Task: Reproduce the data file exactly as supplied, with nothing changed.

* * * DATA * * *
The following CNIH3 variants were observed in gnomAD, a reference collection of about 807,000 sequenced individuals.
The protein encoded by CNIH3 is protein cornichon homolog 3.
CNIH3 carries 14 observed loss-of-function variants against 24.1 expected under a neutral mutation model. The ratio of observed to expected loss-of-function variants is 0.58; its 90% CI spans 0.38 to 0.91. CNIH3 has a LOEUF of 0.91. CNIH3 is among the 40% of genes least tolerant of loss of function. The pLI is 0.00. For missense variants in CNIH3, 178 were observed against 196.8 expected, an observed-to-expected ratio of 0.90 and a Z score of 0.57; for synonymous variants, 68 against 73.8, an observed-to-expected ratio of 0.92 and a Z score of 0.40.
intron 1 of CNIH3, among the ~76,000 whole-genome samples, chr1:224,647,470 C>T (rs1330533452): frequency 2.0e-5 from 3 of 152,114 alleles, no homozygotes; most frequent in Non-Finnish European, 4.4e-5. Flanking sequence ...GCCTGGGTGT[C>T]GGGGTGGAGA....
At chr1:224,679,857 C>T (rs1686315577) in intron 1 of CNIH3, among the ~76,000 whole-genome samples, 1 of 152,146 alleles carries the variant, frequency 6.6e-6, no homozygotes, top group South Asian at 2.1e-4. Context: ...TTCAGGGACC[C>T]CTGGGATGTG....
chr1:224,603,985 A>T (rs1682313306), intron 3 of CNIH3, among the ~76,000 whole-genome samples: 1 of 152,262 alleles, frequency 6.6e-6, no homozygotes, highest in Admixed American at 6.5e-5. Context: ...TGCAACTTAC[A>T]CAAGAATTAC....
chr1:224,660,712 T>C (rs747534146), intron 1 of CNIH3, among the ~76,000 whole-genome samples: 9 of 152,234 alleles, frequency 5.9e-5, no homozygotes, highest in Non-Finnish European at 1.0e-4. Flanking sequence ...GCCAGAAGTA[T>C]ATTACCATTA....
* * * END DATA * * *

The following CNIH3 variants were observed in gnomAD, a reference collection of about 807,000 sequenced individuals.
The protein encoded by CNIH3 is protein cornichon homolog 3.
CNIH3 carries 14 observed loss-of-function variants against 24.1 expected under a neutral mutation model. The ratio of observed to expected loss-of-function variants is 0.58; its 90% CI spans 0.38 to 0.91. CNIH3 has a LOEUF of 0.91. CNIH3 is among the 40% of genes least tolerant of loss of function. The pLI is 0.00. For missense variants in CNIH3, 178 were observed against 196.8 expected, an observed-to-expected ratio of 0.90 and a Z score of 0.57; for synonymous variants, 68 against 73.8, an observed-to-expected ratio of 0.92 and a Z score of 0.40.
intron 1 of CNIH3, among the ~76,000 whole-genome samples, chr1:224,647,470 C>T (rs1330533452): frequency 2.0e-5 from 3 of 152,114 alleles, no homozygotes; most frequent in Non-Finnish European, 4.4e-5. Flanking sequence ...GCCTGGGTGT[C>T]GGGGTGGAGA....
At chr1:224,679,857 C>T (rs1686315577) in intron 1 of CNIH3, among the ~76,000 whole-genome samples, 1 of 152,146 alleles carries the variant, frequency 6.6e-6, no homozygotes, top group South Asian at 2.1e-4. Context: ...TTCAGGGACC[C>T]CTGGGATGTG....
chr1:224,603,985 A>T (rs1682313306), intron 3 of CNIH3, among the ~76,000 whole-genome samples: 1 of 152,262 alleles, frequency 6.6e-6, no homozygotes, highest in Admixed American at 6.5e-5. Context: ...TGCAACTTAC[A>T]CAAGAATTAC....
chr1:224,660,712 T>C (rs747534146), intron 1 of CNIH3, among the ~76,000 whole-genome samples: 9 of 152,234 alleles, frequency 5.9e-5, no homozygotes, highest in Non-Finnish European at 1.0e-4. Flanking sequence ...GCCAGAAGTA[T>C]ATTACCATTA....